Process Produces Safe, Fresh-Tasting Satsuma Juice

Josh McGillMandarins, Orange Juice, Technology

Fresh-tasting satsuma orange juice with a commercially feasible shelf life is the goal of University of Georgia (UGA) Food Product Innovation and Commercialization Center (FoodPIC) scientists and food technology company Food Physics.

A bottled sample of the minimally processed Georgia-made satsuma juice. (Photo by Ashley Biles)

FoodPIC and Food Physics are working together to perfect a technique known as pulsed electric field technology (PEF). PEF uses short bursts of high voltage —15,000 volts per centimeter — to inactivate any harmful bacteria that may be found in the product. It is an alternative to thermal pasteurization for processing food products.

“The idea is to have a product taste as close as possible to fresh-squeezed but be safe and have a commercially feasible shelf life,” said Jim Gratzek, director of FoodPIC on the UGA Griffin campus.

Steve Hellenschmidt of Food Physics has been working with Gratzek and his team on processing a Georgia-made satsuma orange juice blend and a watermelon-lemon juice blend using the PEF process. The raw product for the juices was provided by Mark Paulk, operations manager of Borders Melon East in Adel, Georgia, and Kim Jones, owner of Florida Georgia Citrus in Monticello, Florida.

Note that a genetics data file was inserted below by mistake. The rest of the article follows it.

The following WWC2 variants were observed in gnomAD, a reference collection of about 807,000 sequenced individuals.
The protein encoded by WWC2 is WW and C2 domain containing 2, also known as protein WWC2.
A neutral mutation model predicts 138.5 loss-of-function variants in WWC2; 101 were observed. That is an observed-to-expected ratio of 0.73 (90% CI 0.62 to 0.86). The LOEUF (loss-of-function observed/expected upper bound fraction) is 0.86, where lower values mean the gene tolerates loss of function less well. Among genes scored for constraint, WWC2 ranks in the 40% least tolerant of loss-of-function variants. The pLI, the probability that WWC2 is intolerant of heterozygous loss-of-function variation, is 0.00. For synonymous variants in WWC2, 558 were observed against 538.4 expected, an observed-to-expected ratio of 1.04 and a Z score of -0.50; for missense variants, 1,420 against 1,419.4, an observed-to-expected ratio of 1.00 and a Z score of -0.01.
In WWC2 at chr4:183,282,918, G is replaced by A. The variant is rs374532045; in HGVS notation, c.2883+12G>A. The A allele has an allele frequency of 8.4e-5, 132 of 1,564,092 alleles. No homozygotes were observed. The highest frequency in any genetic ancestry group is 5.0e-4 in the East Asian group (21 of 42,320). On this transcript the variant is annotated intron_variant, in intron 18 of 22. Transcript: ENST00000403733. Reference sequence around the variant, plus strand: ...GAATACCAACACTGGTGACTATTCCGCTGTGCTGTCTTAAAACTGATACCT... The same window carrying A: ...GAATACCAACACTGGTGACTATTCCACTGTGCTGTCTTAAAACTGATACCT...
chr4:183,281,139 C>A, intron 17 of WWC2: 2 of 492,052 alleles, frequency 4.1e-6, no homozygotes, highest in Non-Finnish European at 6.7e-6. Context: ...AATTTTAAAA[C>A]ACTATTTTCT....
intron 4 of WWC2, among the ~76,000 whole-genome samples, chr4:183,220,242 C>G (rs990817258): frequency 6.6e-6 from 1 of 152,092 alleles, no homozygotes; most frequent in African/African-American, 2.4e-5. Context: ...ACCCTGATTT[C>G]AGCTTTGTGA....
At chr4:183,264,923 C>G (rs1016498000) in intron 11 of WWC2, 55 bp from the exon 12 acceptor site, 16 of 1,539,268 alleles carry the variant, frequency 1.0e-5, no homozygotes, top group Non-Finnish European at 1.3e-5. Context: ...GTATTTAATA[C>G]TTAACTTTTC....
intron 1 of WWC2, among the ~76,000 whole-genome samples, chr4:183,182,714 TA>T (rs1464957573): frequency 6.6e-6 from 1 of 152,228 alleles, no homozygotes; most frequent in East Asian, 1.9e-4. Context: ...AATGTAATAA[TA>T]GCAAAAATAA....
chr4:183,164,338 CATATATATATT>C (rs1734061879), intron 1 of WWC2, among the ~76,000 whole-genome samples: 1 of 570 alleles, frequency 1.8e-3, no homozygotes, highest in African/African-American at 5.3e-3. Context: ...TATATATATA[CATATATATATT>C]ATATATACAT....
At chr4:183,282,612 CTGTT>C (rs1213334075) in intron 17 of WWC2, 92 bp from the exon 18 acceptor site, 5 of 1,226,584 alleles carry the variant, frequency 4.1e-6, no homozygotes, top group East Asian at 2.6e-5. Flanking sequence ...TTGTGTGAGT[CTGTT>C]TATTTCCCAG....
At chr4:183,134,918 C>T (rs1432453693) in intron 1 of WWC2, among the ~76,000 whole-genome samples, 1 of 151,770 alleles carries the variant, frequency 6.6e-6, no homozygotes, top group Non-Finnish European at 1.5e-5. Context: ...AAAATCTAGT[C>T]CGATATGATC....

The company uses satsumas because they want a high-end flavor that would be protected by the PEF process, Hellenschmidt said. The results from the test at FoodPIC were encouraging — the raw and PEF processed samples were indistinguishable in taste.

“The method we are using fundamentally changes the process for high-acid fruit juice production to create a higher-level product quality,” said Hellenschmidt. “Our aim is to be indistinguishable from fresh-squeezed juice.”

While working with FoodPIC scientists, Food Physics was able to produce test samples at a pilot factory scale, which helped confirm that taste performance was still outstanding at factory-comparable production rates.  

“Our strategy is a pull strategy, to create a product to show how great it is, and then have the companies contact Food Physics,” said Hellenschmidt.

Food Physics markets PEF equipment produced by Elea, a food-processing systems company based in Germany. Elea, in partnership with Food Physics, has been working to build a market in the United States for three years.

FoodPIC specializes in assisting food entrepreneurs and businesses develop and commercialize new food products.

Source: University of Georgia

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